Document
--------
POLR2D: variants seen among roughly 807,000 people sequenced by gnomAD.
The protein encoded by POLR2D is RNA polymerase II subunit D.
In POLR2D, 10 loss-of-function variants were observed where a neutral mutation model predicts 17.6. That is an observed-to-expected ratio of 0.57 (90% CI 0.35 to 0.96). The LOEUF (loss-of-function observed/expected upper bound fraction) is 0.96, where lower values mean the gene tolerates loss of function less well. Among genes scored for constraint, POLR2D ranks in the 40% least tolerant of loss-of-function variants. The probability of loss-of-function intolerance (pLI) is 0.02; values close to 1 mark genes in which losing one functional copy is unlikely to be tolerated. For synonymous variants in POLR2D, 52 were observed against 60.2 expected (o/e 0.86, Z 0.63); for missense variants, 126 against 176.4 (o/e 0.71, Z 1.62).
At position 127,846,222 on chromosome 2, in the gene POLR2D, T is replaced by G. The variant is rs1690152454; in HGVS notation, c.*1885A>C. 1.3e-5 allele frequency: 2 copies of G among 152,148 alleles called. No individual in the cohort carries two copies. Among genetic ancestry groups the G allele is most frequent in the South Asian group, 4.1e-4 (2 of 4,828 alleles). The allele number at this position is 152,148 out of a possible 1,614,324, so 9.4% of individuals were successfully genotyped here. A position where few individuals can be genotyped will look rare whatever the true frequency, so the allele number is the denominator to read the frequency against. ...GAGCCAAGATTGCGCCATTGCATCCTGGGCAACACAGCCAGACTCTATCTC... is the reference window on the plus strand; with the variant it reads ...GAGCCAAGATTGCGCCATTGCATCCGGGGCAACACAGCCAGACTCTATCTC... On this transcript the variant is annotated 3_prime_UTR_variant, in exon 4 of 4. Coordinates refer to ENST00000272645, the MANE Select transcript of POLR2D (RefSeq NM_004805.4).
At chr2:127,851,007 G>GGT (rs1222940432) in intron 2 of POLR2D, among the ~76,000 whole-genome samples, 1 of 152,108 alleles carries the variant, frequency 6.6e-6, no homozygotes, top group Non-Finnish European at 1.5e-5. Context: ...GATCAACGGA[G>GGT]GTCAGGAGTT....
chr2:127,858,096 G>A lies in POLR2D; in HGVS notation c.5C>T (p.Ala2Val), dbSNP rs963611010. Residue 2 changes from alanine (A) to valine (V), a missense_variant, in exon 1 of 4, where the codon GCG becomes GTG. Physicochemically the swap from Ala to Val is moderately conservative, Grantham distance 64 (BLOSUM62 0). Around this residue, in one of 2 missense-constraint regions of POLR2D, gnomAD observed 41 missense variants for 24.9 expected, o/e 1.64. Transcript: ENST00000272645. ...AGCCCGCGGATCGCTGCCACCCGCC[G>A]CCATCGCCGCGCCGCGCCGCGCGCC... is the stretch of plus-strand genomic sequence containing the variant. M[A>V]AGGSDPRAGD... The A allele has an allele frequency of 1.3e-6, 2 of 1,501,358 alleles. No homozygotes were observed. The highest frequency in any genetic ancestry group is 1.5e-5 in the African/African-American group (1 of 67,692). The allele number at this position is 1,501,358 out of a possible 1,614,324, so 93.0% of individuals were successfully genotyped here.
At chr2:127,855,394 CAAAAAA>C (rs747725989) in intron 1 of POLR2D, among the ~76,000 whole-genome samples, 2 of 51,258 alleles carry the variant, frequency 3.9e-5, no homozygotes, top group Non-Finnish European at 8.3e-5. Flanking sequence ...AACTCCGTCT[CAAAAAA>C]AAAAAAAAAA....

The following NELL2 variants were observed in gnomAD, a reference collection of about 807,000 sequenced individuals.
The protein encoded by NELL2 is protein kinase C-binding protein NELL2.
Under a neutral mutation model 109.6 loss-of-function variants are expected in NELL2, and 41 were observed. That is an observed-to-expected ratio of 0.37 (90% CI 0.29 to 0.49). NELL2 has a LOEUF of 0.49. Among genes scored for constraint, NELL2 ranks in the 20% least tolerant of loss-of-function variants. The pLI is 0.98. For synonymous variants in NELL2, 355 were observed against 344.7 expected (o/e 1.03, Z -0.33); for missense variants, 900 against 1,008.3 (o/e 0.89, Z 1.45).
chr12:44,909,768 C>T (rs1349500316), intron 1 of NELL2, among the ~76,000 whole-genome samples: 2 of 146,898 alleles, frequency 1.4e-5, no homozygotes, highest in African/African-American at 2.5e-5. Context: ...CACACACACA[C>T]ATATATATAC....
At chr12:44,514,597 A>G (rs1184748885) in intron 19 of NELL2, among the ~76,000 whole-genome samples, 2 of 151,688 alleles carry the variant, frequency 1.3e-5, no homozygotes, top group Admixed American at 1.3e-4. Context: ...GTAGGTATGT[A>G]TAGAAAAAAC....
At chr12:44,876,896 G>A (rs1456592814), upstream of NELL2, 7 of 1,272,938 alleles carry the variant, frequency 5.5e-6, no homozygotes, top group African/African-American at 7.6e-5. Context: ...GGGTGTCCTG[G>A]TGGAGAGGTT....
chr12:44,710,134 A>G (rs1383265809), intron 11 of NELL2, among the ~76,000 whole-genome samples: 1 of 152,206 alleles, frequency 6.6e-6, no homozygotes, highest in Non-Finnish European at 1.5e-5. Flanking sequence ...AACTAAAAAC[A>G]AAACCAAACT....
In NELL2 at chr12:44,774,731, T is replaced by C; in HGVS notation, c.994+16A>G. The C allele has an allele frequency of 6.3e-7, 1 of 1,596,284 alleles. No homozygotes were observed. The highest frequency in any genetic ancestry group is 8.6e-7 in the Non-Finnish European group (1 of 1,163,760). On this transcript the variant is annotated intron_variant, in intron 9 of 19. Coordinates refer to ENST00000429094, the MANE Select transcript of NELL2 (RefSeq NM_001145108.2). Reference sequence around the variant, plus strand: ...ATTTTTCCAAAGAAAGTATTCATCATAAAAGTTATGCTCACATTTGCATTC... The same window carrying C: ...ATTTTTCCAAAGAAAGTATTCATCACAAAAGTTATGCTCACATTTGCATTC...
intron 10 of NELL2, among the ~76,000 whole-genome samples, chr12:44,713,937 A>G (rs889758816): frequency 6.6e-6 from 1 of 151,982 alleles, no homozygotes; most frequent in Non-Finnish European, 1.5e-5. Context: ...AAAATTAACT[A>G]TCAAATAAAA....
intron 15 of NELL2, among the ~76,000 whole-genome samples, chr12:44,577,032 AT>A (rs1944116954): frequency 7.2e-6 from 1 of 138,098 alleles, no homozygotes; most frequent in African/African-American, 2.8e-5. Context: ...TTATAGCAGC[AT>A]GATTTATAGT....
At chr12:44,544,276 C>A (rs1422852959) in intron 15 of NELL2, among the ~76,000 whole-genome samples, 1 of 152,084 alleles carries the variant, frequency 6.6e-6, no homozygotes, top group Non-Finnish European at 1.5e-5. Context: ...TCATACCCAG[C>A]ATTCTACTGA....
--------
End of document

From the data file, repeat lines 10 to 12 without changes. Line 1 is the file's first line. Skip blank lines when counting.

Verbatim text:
Under a neutral mutation model 109.6 loss-of-function variants are expected in NELL2, and 41 were observed. That is an observed-to-expected ratio of 0.37 (90% CI 0.29 to 0.49). NELL2 has a LOEUF of 0.49. Among genes scored for constraint, NELL2 ranks in the 20% least tolerant of loss-of-function variants. The pLI is 0.98. For synonymous variants in NELL2, 355 were observed against 344.7 expected (o/e 1.03, Z -0.33); for missense variants, 900 against 1,008.3 (o/e 0.89, Z 1.45).
chr12:44,909,768 C>T (rs1349500316), intron 1 of NELL2, among the ~76,000 whole-genome samples: 2 of 146,898 alleles, frequency 1.4e-5, no homozygotes, highest in African/African-American at 2.5e-5. Context: ...CACACACACA[C>T]ATATATATAC....
At chr12:44,514,597 A>G (rs1184748885) in intron 19 of NELL2, among the ~76,000 whole-genome samples, 2 of 151,688 alleles carry the variant, frequency 1.3e-5, no homozygotes, top group Admixed American at 1.3e-4. Context: ...GTAGGTATGT[A>G]TAGAAAAAAC....